In most countries, drugs are licensed either for prescription-only sales or for sale “over-the-counter” (OTC). (In reality, OTC access for emergency contraception pills (ECPs) usually means “behind the counter,” in that the buyer must request the product from a pharmacist rather than being able to pick it up straight from a convenience store shelf.) ICEC recommends that ECPs be available to women and adolescents without a prescription — and be truly over-the-counter — in order to increase access and minimize delay. This is especially significant given that ECPs are more effective the sooner they are taken after unprotected intercourse. Many other national and international agencies and bodies also recommend non-prescription access to EC. In countries where ECPs remain prescription-only, providers may consider offering advance prescription or provision.
When a woman must visit a doctor or other licensed health care provider prior to accessing ECPs, she often has to make two trips: one to a clinic to obtain a prescription and a second to a pharmacist to fill the prescription. This presents a significant barrier for many women, especially those who lack access to transportation methods or who live in rural areas without easy access to doctors or pharmacies. Moreover, requiring a prescription makes access to ECPs on weekends and at night (when many contraceptive mishaps occur) more difficult.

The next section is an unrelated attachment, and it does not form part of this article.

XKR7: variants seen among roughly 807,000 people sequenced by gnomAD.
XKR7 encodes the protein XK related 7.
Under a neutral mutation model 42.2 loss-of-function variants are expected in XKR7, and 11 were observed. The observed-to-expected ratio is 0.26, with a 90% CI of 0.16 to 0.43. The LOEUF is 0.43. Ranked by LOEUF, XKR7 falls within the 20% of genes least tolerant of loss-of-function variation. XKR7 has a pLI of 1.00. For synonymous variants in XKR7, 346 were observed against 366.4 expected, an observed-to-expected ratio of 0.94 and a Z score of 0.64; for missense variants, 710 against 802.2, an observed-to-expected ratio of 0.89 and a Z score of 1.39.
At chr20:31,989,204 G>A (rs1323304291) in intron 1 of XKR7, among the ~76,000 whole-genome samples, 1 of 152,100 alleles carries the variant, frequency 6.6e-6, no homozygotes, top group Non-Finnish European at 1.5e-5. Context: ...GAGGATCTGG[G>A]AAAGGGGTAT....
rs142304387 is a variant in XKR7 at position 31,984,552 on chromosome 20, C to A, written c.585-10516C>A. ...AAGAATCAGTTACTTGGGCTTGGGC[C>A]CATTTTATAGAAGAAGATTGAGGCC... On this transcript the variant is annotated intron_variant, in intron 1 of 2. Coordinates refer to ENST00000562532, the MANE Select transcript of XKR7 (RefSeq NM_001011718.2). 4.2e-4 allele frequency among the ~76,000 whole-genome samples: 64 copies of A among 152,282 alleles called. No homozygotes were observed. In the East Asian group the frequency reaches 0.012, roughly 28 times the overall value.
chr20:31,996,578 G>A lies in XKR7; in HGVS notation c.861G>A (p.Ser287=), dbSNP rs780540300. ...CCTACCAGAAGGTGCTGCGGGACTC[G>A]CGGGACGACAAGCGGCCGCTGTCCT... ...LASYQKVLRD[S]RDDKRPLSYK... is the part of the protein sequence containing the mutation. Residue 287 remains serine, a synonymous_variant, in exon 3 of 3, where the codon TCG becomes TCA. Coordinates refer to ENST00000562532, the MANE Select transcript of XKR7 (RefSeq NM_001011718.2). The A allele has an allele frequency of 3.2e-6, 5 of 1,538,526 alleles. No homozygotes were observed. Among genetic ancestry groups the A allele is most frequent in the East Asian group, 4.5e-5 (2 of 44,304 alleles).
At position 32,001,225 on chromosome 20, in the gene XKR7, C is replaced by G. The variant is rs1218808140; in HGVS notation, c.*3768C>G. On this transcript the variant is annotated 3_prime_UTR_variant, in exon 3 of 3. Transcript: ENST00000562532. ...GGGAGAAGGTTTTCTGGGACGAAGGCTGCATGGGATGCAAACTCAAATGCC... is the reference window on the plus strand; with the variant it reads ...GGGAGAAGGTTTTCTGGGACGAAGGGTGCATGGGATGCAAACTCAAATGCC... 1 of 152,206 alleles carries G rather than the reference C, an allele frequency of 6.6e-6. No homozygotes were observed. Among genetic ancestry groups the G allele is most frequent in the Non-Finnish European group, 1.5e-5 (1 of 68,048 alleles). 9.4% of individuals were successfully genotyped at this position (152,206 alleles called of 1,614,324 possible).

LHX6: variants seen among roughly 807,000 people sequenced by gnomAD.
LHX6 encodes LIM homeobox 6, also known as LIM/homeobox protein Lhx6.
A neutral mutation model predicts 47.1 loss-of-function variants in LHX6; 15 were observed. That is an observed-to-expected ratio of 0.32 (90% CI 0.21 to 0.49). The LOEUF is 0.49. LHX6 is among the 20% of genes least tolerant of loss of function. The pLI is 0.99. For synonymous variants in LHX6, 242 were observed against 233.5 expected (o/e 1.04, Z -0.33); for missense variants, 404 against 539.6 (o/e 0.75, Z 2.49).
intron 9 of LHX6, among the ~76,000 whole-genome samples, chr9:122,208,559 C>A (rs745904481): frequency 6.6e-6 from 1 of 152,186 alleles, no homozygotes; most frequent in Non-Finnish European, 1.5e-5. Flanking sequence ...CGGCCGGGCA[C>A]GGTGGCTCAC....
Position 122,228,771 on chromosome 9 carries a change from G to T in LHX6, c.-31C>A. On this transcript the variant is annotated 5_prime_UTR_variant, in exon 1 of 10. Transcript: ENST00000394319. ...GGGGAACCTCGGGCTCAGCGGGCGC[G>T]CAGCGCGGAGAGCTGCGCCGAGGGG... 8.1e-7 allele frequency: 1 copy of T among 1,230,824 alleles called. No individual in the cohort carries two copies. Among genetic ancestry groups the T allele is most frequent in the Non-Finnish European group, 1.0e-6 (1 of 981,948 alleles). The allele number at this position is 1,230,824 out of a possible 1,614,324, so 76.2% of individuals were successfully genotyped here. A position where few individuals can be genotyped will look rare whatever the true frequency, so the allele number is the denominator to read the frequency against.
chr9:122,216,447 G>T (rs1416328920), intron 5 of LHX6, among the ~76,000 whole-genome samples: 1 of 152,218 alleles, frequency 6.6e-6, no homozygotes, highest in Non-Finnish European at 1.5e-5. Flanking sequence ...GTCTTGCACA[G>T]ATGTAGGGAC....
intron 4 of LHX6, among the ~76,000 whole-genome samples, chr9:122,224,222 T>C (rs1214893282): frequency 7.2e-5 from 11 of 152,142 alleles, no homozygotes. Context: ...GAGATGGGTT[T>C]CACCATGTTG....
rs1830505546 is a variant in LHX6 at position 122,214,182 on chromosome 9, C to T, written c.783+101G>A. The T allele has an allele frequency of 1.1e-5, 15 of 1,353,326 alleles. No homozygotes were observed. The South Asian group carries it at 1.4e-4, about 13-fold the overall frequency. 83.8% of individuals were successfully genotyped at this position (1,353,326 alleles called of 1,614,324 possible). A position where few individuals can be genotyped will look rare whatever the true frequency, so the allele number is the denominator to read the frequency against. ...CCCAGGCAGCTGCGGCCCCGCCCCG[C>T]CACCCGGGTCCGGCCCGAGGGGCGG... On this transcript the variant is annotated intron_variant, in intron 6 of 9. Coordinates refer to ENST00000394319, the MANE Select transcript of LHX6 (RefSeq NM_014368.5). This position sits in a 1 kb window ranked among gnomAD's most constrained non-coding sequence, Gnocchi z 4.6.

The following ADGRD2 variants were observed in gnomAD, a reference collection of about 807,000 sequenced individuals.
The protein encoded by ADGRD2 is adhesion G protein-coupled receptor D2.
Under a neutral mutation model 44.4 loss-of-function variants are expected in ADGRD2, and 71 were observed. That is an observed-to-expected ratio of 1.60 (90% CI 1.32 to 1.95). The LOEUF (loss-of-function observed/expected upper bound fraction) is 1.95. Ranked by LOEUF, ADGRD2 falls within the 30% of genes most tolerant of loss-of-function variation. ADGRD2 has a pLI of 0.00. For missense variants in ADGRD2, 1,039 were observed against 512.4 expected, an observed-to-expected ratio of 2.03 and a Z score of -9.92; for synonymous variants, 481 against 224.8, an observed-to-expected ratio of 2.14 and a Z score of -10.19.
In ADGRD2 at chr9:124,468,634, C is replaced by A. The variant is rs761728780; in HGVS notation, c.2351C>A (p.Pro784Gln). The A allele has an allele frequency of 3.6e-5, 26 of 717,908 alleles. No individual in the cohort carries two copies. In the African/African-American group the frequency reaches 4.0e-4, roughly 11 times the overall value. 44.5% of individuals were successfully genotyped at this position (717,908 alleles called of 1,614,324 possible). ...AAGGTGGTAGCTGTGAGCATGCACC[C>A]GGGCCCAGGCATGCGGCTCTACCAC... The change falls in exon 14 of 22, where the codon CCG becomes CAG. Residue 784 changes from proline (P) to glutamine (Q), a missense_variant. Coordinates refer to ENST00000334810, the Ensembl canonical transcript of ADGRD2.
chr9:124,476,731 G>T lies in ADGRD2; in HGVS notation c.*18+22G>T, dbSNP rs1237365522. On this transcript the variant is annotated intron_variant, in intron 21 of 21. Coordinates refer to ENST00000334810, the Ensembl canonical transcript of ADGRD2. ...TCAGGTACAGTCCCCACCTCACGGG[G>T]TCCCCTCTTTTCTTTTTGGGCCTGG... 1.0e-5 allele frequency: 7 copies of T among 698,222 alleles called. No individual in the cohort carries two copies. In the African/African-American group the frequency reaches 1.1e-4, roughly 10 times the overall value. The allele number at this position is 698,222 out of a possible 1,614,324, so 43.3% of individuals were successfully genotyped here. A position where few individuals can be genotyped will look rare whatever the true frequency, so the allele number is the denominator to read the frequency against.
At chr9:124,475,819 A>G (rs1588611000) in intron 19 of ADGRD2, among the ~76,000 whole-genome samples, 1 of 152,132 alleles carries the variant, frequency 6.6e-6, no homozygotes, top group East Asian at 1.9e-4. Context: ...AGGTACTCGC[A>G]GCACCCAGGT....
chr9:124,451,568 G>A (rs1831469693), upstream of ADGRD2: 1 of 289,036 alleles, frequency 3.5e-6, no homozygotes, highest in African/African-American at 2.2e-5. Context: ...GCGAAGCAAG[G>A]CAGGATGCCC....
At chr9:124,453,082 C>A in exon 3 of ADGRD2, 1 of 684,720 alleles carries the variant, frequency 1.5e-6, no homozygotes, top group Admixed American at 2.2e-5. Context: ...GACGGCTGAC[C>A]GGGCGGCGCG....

ECPs are safe for all women, including adolescents, for non-prescription use, with no contraindications and minimal side effects. ICEC has worked with manufacturers to ensure that product labeling is easy for consumers to understand. Studies show that women and teens can read and comprehend the label and understand when and how to take ECPs without advice from a health care provider. There are no clinical reasons suggesting that younger women and teens should not be able to use ECPs just as safely as adults. WHO, the American College of Emergency Physicians, the American College of Obstetricians and Gynecology, and other professional health groups support non-prescription access to ECPs.
Currently, more than 60 countries allow non-prescription sales of ECPs. However, in many countries, misguided fears have led to barriers to non-prescription access, including age restrictions (see our EC and Youth page). Those in favor of prescription and age restrictions often raise concerns about a possible link between increased access to emergency contraception (EC) and increases in high-risk sexual behavior, especially among adolescents. A large number of studies show, however, that women and adolescents with greater access to EC are not more likely to engage in unprotected intercourse, and are actually more likely to adopt an ongoing contraceptive method after EC use.